Academic took own life after quitting post

An academic drowned herself "while the balance of her mind was disturbed" after quitting her post in the belief that she was being forced out of her role, an inquest has heard.

July 5, 2012

Julia Swindells, a former professor of English literature at Anglia Ruskin University, went missing from her home in Cambridge on 29 October last year, a coroner's court in Huntingdon heard on 28 June. Her body was recovered from the River Cam eight days later.

Rowland Wymer, professor of English literature at Anglia Ruskin, described Professor Swindells as a "warm, lively and witty colleague", but said he had become concerned for her welfare last July.

"She was letting her anxiety get the better of her," Professor Wymer said. "At a certain point, things spiralled out of control."

Despite this, he said, he was keen for Professor Swindells to remain in her post because he believed her research would aid the university in the upcoming research excellence framework, due to start in 2013.

"She had some very good publications and some good plans for research," he said.

The inquest heard how Professor Swindells - a former senior research fellow at Homerton College, Cambridge - mistakenly thought the university was monitoring her emails and thus quit her post, fearing she would be forced out.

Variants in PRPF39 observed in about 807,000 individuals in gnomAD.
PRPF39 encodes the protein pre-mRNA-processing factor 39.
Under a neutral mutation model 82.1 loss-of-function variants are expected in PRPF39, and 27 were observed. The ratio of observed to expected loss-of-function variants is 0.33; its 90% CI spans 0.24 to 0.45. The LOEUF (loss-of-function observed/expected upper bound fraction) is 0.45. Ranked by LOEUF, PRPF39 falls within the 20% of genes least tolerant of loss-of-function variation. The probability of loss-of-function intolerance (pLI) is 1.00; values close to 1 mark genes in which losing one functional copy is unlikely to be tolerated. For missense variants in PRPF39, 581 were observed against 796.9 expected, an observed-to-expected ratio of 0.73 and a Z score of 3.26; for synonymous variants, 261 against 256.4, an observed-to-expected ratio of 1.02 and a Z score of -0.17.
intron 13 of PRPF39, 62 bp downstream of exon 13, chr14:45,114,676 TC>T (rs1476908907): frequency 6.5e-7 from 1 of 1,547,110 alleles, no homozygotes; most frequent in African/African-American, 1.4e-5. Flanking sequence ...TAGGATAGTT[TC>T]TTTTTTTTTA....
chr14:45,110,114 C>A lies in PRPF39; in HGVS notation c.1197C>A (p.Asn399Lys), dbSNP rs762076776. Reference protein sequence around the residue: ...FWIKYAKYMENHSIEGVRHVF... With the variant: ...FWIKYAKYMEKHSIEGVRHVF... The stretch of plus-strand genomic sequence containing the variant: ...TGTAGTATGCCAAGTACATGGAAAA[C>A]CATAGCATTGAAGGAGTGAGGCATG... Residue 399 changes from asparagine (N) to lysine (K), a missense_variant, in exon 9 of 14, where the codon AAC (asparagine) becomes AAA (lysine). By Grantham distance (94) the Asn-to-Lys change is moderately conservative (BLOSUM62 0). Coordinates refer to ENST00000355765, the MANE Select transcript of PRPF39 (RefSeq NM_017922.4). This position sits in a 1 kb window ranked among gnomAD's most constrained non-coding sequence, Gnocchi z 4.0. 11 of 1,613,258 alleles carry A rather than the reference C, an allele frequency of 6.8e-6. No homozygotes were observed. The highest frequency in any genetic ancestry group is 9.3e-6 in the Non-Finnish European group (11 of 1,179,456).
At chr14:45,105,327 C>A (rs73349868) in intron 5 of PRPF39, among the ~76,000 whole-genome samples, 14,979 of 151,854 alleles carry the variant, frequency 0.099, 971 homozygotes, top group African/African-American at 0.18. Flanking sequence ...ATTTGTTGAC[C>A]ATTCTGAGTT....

But Derrik Ferney, pro vice-chancellor at Anglia Ruskin, told the inquiry that he met Professor Swindells and asked her to reconsider her resignation. "I got quite alarmed because I felt I was talking to two Julias," Professor Ferney said. "She was always very lively, alert and witty, but here she was quite withdrawn. She behaved in a way I had never seen before."

He said that he reluctantly accepted her resignation after Professor Swindells said she had had an "irresistible offer" from another university.

In the week before her death, she told her husband that she had contemplated suicide and was seen by her GP, an emergency mental health team and a social worker.

Coroner David Morris returned a verdict of suicide "while the balance of her mind was disturbed", noting her "strained relationship with her university where she had many admirers".

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